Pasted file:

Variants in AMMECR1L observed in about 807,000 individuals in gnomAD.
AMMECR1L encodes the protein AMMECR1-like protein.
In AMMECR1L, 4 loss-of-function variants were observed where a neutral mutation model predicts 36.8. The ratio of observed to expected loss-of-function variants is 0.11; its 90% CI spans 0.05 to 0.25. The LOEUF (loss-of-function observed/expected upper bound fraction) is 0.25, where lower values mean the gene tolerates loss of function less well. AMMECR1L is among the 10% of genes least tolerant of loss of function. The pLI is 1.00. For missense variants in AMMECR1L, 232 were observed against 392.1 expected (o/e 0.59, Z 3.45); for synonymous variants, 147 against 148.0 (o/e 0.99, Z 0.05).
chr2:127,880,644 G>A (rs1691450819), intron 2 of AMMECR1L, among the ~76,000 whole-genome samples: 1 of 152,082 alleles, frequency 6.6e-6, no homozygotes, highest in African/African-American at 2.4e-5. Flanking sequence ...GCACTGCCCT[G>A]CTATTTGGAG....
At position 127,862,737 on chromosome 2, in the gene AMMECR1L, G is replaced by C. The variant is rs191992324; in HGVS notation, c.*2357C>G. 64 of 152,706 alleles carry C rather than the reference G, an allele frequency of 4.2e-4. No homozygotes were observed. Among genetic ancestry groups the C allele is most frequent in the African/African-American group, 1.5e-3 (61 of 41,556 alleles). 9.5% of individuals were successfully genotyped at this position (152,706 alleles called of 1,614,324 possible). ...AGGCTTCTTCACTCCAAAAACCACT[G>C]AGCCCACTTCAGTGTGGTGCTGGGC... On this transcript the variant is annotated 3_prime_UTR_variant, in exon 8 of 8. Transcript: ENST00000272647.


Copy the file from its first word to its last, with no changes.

Variants in AMMECR1L observed in about 807,000 individuals in gnomAD.
AMMECR1L encodes the protein AMMECR1-like protein.
In AMMECR1L, 4 loss-of-function variants were observed where a neutral mutation model predicts 36.8. The ratio of observed to expected loss-of-function variants is 0.11; its 90% CI spans 0.05 to 0.25. The LOEUF (loss-of-function observed/expected upper bound fraction) is 0.25, where lower values mean the gene tolerates loss of function less well. AMMECR1L is among the 10% of genes least tolerant of loss of function. The pLI is 1.00. For missense variants in AMMECR1L, 232 were observed against 392.1 expected (o/e 0.59, Z 3.45); for synonymous variants, 147 against 148.0 (o/e 0.99, Z 0.05).
chr2:127,880,644 G>A (rs1691450819), intron 2 of AMMECR1L, among the ~76,000 whole-genome samples: 1 of 152,082 alleles, frequency 6.6e-6, no homozygotes, highest in African/African-American at 2.4e-5. Flanking sequence ...GCACTGCCCT[G>A]CTATTTGGAG....
At position 127,862,737 on chromosome 2, in the gene AMMECR1L, G is replaced by C. The variant is rs191992324; in HGVS notation, c.*2357C>G. 64 of 152,706 alleles carry C rather than the reference G, an allele frequency of 4.2e-4. No homozygotes were observed. Among genetic ancestry groups the C allele is most frequent in the African/African-American group, 1.5e-3 (61 of 41,556 alleles). 9.5% of individuals were successfully genotyped at this position (152,706 alleles called of 1,614,324 possible). ...AGGCTTCTTCACTCCAAAAACCACT[G>C]AGCCCACTTCAGTGTGGTGCTGGGC... On this transcript the variant is annotated 3_prime_UTR_variant, in exon 8 of 8. Transcript: ENST00000272647.